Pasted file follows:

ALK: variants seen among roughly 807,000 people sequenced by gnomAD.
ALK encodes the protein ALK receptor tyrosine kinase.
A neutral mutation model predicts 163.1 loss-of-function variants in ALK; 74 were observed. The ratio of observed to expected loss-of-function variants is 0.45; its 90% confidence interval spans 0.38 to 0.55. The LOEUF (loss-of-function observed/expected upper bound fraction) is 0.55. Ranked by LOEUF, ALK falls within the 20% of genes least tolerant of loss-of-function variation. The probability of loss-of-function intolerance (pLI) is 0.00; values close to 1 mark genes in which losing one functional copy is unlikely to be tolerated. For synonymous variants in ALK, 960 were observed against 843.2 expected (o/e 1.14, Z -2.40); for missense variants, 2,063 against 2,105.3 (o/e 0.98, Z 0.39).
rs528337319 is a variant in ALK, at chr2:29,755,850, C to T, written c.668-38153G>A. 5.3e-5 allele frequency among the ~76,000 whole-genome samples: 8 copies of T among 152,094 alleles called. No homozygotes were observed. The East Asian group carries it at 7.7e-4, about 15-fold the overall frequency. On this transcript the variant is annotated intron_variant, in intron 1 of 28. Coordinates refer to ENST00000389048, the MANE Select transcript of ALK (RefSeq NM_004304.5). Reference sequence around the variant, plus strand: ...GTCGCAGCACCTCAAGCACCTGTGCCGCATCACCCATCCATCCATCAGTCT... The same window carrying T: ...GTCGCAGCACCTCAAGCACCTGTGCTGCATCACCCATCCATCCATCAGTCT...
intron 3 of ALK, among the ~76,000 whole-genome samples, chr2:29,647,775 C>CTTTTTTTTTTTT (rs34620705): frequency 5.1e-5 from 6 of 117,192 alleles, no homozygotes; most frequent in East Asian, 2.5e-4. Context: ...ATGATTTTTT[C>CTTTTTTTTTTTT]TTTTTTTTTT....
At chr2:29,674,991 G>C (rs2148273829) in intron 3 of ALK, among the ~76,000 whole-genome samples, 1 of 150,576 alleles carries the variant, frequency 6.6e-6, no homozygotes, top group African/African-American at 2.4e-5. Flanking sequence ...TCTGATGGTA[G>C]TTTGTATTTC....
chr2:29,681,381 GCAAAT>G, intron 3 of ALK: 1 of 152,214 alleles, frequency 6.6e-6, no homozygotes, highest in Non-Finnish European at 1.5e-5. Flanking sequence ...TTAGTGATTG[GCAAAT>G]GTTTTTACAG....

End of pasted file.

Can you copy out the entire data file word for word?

ALK: variants seen among roughly 807,000 people sequenced by gnomAD.
ALK encodes the protein ALK receptor tyrosine kinase.
A neutral mutation model predicts 163.1 loss-of-function variants in ALK; 74 were observed. The ratio of observed to expected loss-of-function variants is 0.45; its 90% confidence interval spans 0.38 to 0.55. The LOEUF (loss-of-function observed/expected upper bound fraction) is 0.55. Ranked by LOEUF, ALK falls within the 20% of genes least tolerant of loss-of-function variation. The probability of loss-of-function intolerance (pLI) is 0.00; values close to 1 mark genes in which losing one functional copy is unlikely to be tolerated. For synonymous variants in ALK, 960 were observed against 843.2 expected (o/e 1.14, Z -2.40); for missense variants, 2,063 against 2,105.3 (o/e 0.98, Z 0.39).
rs528337319 is a variant in ALK, at chr2:29,755,850, C to T, written c.668-38153G>A. 5.3e-5 allele frequency among the ~76,000 whole-genome samples: 8 copies of T among 152,094 alleles called. No homozygotes were observed. The East Asian group carries it at 7.7e-4, about 15-fold the overall frequency. On this transcript the variant is annotated intron_variant, in intron 1 of 28. Coordinates refer to ENST00000389048, the MANE Select transcript of ALK (RefSeq NM_004304.5). Reference sequence around the variant, plus strand: ...GTCGCAGCACCTCAAGCACCTGTGCCGCATCACCCATCCATCCATCAGTCT... The same window carrying T: ...GTCGCAGCACCTCAAGCACCTGTGCTGCATCACCCATCCATCCATCAGTCT...
intron 3 of ALK, among the ~76,000 whole-genome samples, chr2:29,647,775 C>CTTTTTTTTTTTT (rs34620705): frequency 5.1e-5 from 6 of 117,192 alleles, no homozygotes; most frequent in East Asian, 2.5e-4. Context: ...ATGATTTTTT[C>CTTTTTTTTTTTT]TTTTTTTTTT....
At chr2:29,674,991 G>C (rs2148273829) in intron 3 of ALK, among the ~76,000 whole-genome samples, 1 of 150,576 alleles carries the variant, frequency 6.6e-6, no homozygotes, top group African/African-American at 2.4e-5. Flanking sequence ...TCTGATGGTA[G>C]TTTGTATTTC....
chr2:29,681,381 GCAAAT>G, intron 3 of ALK: 1 of 152,214 alleles, frequency 6.6e-6, no homozygotes, highest in Non-Finnish European at 1.5e-5. Flanking sequence ...TTAGTGATTG[GCAAAT>G]GTTTTTACAG....